Alex and I have finally come to the end of our stay in Zambia. We managed to pack our last few days with challenges, fun and, naturally, music.
For Friday evening Estelle trustee Deirdre found us a gig at an Art Auction to raise funds and awareness for the Ngoma Dolce Academy and to give the teachers a chance to perform. The three hour slot was well straddled thanks to the Will’s cruise-piano expertise and Alex’s superb ear for noodling. We made a total of 1429 KWV (or Kwacha), to be put towards resources at the academy. The evening’s musicking was followed up with a visit to Indian Restaurant Dil where, for the first time since our arrival in Zambia, food was served within 25 minutes of ordering. Yum yum.
The weekend featured further culinary highlights including a Braii (that’s an African Barbeque) at home with newlyweds Paul and Violet; I am told the T-Bone steak was delicious and it was lovely to get to know the staff in a non-professional capacity, serving to make our imminent separation more poignant.
The new week brought with it the new project of providing music workshops for large groups at Lusaka’s Mulele Mwana school. For this task we were reunited with Peter Lewski, our Peace Corps friend from Boston/ “The Bush”, who was invaluable as a persuasive force in the staff-room, Bemba-speaker and connoisseur of local Wifi hotspots. A two hour workshop was prepared for Monday morning and afternoon dedicated to singing, clapping and instrument demonstrations. Despite rumours that Zambian children would fall naturally into harmony, it became apparent that many of the children had very little exposure to singing. A few children stood out as confident and enthusiastic singers, but our collaborative efforts helped to engage all in varied activities which spawned, at times, raucous excitement.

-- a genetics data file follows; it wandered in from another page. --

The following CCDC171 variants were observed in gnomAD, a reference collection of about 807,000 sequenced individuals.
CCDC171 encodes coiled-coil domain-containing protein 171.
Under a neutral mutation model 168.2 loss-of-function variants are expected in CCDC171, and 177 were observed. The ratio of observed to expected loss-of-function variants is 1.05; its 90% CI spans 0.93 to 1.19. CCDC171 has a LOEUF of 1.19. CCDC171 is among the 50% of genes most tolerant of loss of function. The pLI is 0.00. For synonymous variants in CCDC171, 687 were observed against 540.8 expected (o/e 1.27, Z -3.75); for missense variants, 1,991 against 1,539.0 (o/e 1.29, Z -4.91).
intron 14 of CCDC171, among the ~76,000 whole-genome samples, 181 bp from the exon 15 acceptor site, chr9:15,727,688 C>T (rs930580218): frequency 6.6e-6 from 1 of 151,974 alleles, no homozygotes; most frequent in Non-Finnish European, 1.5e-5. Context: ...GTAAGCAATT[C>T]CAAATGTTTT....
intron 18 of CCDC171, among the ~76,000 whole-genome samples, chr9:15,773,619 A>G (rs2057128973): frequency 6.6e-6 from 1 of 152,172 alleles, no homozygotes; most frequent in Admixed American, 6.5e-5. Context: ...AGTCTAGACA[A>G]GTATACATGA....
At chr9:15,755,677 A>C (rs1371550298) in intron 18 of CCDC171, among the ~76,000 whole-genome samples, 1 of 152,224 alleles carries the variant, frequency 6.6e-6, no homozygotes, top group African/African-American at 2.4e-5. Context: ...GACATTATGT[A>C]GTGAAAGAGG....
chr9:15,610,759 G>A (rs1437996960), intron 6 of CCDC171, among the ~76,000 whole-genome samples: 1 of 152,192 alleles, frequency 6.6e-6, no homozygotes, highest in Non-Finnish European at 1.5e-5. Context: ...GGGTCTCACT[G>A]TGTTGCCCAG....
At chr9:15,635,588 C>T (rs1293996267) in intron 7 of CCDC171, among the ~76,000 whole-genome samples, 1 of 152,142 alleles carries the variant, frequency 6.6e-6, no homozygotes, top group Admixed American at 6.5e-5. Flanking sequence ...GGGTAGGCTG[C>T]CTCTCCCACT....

The second day of workshops saw increased attendance. Also great was the enthusiasm the children brought, but maintaining control and interest in a classroom of 45 aged between eight and eighteen was knackering. Still, hilarity ensued following Merce Cunningham-inspired warm-ups and we were able to teach the basics of reading music. Following the afternoon break two groups of girls came forwards asking if they could perform to the class; the first sang an endearing rendition of “When Jesus Say Yes (Nobody Can Say No)”, and the second a song wishing us farewell as we said our goodbyes.
That night we came together with the Academy teachers in Lebanese restaurant Mezza (in Pete’s words “unmissable”) for a last supper. I struggle to recall much about our interactions since I was having trouble taking my mind off the copious amounts of garlic and olive oil to be consumed, but I’m pretty sure the conversation was good and that a good time was had. A bar trip followed, during which we got to know better the Academy administrator Dee’s extra-musical interests and aspirations; football, travel and politics featuring prominently. Her parting words “I’ll see you again sometime. In Zambia, or the UK… or the next life,” were tongue in cheek, but highlighted the real possibility of never returning to Lusaka if we don’t make a concerted effort. I seriously hope we get to go back and pursue the cause and our friendships further, but for now I’m happy to offer what advice I can over the web.